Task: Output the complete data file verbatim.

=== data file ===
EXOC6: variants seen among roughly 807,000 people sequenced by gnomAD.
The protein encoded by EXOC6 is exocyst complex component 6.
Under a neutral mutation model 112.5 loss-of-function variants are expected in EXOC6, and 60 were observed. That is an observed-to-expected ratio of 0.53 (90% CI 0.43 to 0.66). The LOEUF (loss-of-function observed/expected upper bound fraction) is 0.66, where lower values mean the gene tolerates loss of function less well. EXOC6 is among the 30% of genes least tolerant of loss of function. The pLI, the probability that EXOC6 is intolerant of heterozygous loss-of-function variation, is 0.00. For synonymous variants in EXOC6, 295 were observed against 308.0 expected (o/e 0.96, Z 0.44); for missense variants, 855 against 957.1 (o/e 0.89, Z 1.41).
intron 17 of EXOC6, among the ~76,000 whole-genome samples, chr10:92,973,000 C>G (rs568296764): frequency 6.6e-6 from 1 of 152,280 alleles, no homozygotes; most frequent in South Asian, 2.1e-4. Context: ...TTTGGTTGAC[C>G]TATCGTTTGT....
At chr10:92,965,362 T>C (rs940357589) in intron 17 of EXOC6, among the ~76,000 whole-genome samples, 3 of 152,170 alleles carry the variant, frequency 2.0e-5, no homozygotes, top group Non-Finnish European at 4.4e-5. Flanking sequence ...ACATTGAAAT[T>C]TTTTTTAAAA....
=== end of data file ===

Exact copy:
EXOC6: variants seen among roughly 807,000 people sequenced by gnomAD.
The protein encoded by EXOC6 is exocyst complex component 6.
Under a neutral mutation model 112.5 loss-of-function variants are expected in EXOC6, and 60 were observed. That is an observed-to-expected ratio of 0.53 (90% CI 0.43 to 0.66). The LOEUF (loss-of-function observed/expected upper bound fraction) is 0.66, where lower values mean the gene tolerates loss of function less well. EXOC6 is among the 30% of genes least tolerant of loss of function. The pLI, the probability that EXOC6 is intolerant of heterozygous loss-of-function variation, is 0.00. For synonymous variants in EXOC6, 295 were observed against 308.0 expected (o/e 0.96, Z 0.44); for missense variants, 855 against 957.1 (o/e 0.89, Z 1.41).
intron 17 of EXOC6, among the ~76,000 whole-genome samples, chr10:92,973,000 C>G (rs568296764): frequency 6.6e-6 from 1 of 152,280 alleles, no homozygotes; most frequent in South Asian, 2.1e-4. Context: ...TTTGGTTGAC[C>G]TATCGTTTGT....
At chr10:92,965,362 T>C (rs940357589) in intron 17 of EXOC6, among the ~76,000 whole-genome samples, 3 of 152,170 alleles carry the variant, frequency 2.0e-5, no homozygotes, top group Non-Finnish European at 4.4e-5. Flanking sequence ...ACATTGAAAT[T>C]TTTTTTAAAA....